I’ve had times when my body wanted pizza and McDonalds all day; I’ve had times when I almost cried over how good a taco salad was.

Our bodies want different things at different times, and that’s okay. Truly, food does not have moral value -- our body needs all of it! Like we say in Embody trainings, “an apple did not win the Nobel Peace Prize and a hamburger did not rob a bank.”

Believe me though, I know this is incredibly hard to drill in our minds, especially in a society that guilts us for eating certain foods. So many people say “I ate a salad today, I’m being so good" or "I ate three cookies, I’m doing so bad today.” Then comes along magazines and articles that tell us “when you want (insert “junk” food), you really just want (insert vegetable or nut), as well as days in a row when all we crave is “junk” food.

Remember this: different cravings mean we need different nutrients, and it’s okay if you choose the “fattier” option. We are not “good” or “bad” because of what we eat. We are not what we eat. We are also not, nor should we try to be, the food police for ourselves or others.

Food is fuel -- it’s simply something our bodies need so we can go be the fantastic friends, activists, students, family members, athletes and artists we are. This goes for our bodies as well -- they are simply a vessel for the love and hope we hold inside.

Also in Embody trainings, we love to share this quote by Ellyn Satter, a therapist and dietician:

“Normal eating is being able to eat when you are hungry and continue eating until you are satisfied. It is being able to choose the food you like and eat it and truly get enough of it -- not just stop eating because you think you should.

Normal eating is being able to use some moderate constraint in your food selection to get the right food, but not being so restrictive that you miss out on pleasurable foods. Normal eating is giving yourself permission to eat sometimes because you are happy, sad, or bord, or just because it feels good.

Normal eating is three meals a day, most of the time, but it can also be choosing to munch along. It is leaving some cookies on the plate because you know you can have some more tomorrow, or it is eating more now because they taste so good when they are fresh.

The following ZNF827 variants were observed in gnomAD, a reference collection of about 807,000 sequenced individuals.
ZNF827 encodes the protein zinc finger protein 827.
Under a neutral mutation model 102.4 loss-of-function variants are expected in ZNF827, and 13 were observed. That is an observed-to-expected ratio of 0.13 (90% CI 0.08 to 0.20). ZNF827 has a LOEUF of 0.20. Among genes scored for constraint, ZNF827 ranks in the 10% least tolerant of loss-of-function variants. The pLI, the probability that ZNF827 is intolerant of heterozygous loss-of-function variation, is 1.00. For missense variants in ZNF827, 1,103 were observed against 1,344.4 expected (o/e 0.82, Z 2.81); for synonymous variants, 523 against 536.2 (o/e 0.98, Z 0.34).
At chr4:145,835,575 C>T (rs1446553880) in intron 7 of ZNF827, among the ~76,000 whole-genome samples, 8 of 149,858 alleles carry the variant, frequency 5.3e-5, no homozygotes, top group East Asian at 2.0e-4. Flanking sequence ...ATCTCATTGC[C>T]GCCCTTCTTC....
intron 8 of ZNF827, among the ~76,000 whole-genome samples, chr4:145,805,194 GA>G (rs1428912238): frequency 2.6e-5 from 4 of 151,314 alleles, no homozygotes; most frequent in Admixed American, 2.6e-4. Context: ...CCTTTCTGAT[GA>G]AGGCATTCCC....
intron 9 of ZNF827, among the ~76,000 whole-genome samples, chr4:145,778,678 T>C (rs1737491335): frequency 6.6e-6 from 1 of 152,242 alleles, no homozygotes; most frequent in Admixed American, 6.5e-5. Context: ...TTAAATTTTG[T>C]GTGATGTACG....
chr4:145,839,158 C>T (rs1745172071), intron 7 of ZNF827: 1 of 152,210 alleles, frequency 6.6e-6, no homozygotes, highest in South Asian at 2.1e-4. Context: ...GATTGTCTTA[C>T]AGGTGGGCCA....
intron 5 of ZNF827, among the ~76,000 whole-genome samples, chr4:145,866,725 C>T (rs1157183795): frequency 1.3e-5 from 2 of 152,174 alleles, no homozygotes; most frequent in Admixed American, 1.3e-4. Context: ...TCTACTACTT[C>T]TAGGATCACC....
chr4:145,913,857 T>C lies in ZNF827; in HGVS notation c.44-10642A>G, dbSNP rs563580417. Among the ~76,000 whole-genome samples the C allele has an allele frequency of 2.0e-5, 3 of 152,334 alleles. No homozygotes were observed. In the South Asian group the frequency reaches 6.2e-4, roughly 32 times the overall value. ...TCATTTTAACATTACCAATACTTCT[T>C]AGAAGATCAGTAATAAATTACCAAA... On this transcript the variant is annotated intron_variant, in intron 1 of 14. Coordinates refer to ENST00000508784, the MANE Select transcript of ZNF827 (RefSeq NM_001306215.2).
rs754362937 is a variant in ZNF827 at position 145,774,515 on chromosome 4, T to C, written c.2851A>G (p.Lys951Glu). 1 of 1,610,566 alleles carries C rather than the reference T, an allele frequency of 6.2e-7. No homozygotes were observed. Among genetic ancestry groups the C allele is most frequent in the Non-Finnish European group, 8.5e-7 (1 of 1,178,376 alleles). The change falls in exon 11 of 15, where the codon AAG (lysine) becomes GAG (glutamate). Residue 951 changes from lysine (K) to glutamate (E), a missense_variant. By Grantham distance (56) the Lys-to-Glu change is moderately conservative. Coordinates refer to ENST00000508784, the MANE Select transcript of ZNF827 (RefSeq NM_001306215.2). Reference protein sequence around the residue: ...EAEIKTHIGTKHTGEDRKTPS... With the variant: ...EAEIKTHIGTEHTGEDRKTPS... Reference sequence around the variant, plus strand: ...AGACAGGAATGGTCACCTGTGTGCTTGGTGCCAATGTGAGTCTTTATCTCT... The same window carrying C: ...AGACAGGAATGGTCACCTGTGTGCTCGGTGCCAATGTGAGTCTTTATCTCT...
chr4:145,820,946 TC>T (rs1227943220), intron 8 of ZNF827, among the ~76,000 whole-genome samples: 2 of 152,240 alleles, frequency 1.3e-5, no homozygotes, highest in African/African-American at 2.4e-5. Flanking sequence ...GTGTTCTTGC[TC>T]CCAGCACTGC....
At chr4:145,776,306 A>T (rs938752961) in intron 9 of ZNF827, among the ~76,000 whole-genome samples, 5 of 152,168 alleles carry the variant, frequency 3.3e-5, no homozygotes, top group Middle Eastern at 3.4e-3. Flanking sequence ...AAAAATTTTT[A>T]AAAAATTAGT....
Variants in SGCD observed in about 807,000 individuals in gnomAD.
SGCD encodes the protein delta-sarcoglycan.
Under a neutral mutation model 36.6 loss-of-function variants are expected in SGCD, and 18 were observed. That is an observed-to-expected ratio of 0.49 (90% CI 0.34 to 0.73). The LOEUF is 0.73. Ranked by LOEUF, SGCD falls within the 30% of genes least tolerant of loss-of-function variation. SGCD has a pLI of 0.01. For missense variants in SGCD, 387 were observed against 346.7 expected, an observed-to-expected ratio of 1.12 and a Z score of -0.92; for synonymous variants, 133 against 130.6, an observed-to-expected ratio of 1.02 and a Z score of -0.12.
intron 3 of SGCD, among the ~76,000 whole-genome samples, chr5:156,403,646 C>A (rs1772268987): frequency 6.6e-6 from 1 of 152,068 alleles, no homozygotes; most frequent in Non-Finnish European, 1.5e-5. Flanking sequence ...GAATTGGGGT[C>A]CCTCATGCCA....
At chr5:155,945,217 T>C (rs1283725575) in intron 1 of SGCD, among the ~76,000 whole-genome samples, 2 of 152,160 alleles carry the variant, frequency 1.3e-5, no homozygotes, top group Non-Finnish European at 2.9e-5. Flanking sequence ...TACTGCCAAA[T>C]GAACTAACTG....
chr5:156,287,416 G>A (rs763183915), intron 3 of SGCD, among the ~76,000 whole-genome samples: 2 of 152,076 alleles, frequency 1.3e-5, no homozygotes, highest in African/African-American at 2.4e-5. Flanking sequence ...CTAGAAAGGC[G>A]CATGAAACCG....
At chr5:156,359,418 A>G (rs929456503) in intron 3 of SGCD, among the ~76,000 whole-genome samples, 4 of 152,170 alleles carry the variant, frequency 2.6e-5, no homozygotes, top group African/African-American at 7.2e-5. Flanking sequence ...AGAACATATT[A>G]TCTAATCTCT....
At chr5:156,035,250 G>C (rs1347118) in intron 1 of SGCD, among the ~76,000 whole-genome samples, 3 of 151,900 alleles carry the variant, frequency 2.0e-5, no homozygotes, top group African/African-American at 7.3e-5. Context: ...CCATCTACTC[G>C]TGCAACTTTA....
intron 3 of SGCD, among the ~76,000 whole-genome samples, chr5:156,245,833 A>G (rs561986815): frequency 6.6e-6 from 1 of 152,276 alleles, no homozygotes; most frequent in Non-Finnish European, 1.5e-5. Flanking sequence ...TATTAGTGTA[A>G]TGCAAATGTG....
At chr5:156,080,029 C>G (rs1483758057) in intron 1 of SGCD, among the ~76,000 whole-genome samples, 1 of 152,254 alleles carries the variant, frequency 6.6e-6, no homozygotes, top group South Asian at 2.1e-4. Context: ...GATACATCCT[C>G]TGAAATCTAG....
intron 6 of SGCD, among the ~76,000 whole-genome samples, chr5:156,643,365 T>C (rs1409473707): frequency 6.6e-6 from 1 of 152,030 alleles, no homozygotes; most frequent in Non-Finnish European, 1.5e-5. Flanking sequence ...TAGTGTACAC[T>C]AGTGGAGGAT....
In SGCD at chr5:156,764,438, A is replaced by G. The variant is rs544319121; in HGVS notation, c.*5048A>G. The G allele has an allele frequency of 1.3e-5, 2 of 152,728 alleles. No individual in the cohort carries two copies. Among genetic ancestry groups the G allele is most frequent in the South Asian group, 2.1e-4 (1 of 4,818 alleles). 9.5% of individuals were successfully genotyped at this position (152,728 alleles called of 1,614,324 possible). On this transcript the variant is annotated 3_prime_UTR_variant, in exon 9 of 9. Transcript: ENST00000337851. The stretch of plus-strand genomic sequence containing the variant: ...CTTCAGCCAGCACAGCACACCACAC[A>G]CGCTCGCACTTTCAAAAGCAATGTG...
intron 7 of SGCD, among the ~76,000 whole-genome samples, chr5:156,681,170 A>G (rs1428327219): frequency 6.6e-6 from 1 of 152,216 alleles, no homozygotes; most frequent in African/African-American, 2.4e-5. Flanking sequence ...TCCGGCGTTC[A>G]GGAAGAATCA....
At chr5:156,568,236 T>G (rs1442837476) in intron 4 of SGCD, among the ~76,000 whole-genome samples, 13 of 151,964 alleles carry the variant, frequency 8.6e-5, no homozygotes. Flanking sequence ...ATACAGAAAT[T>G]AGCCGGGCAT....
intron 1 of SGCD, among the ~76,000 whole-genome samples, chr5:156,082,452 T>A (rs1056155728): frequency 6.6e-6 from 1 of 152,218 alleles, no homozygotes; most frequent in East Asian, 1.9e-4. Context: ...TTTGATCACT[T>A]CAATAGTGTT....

Normal eating is overeating at times: feeling stuffed and uncomfortable. It is also undereating at times and wishing you had more. Normal eating is trusting your body to make up for your mistakes in eating. (Though we don’t like the word choice “mistakes” as eating a certain food isn’t one.)

Normal eating takes up some of your time and attention, but keeps its place as only one important area of your life.

In short, normal eating is flexible. It varies in response to your emotions, your schedule, your hunger, and your proximity to food."

Our bodies know what they need, so we should trust them. They will compensate for overeating and undereating. We don’t need some special juice cleanse -- that’s exactly what our livers are for!

Intuitive eating is incredibly hard. After struggling with food and body image, my hunger and satiety signals were messed up for some time, and I couldn’t tell if I was truly full or hungry or in between. I was scared to overeat; I was scared to undereat. But, to some degree, we all overeat and undereat sometimes -- and that’s normal.

Melissa Fabello is a great activist on this, and I love this post in which she reminds us that in the winter, our bodies need a little extra insulation to keep us warm. Craving and eating those fattier foods (remember, fat isn’t a bad word -- we need it to live!) is a natural, evolutionary part of the way our body works. It doesn’t mean we’re gluttonous or bad or lacking in self-control.

In another post, she reminds us that when we try to avoid our cravings or replace them with other foods, we end up just eating more food and eventually giving into the craving anyway. By listening to our body, we could’ve avoided a lot of superfluous behavior, guilt, and shame. In a sense, it really is just *that* easy.

With this conversation, we must also keep the Health at Every Size (HAES) movement in mind, realize what a fatphobic country we are, and think about how that affects people who live in bodies that take up more space. Some encourage eating disordered behavior in those people, feeling that somehow the behaviors aren’t disordered in them. Or, they don't allow those people to love and accept themselves. It’s sad, it’s harmful to recovery, and it stems from thin privilege.

My point in writing this is in hopes that we support ourselves and each other as people, not as food or as bodies. It's to remind us that it’s vital to listen to our body’s cravings. That our body will compensate and adjusts as it needs to, and that “normal eating” is actually a little different than you might think. We are not what we eat or how much we eat or how much space we take up.

We are allowed to (and should) eat in a way that adheres to our bodies' needs, no matter what size we are.

If you are struggling with disordered eating, you are not alone and help is out there for you! Feel free to check out www.nationaleatingdisorders.org for resources and information.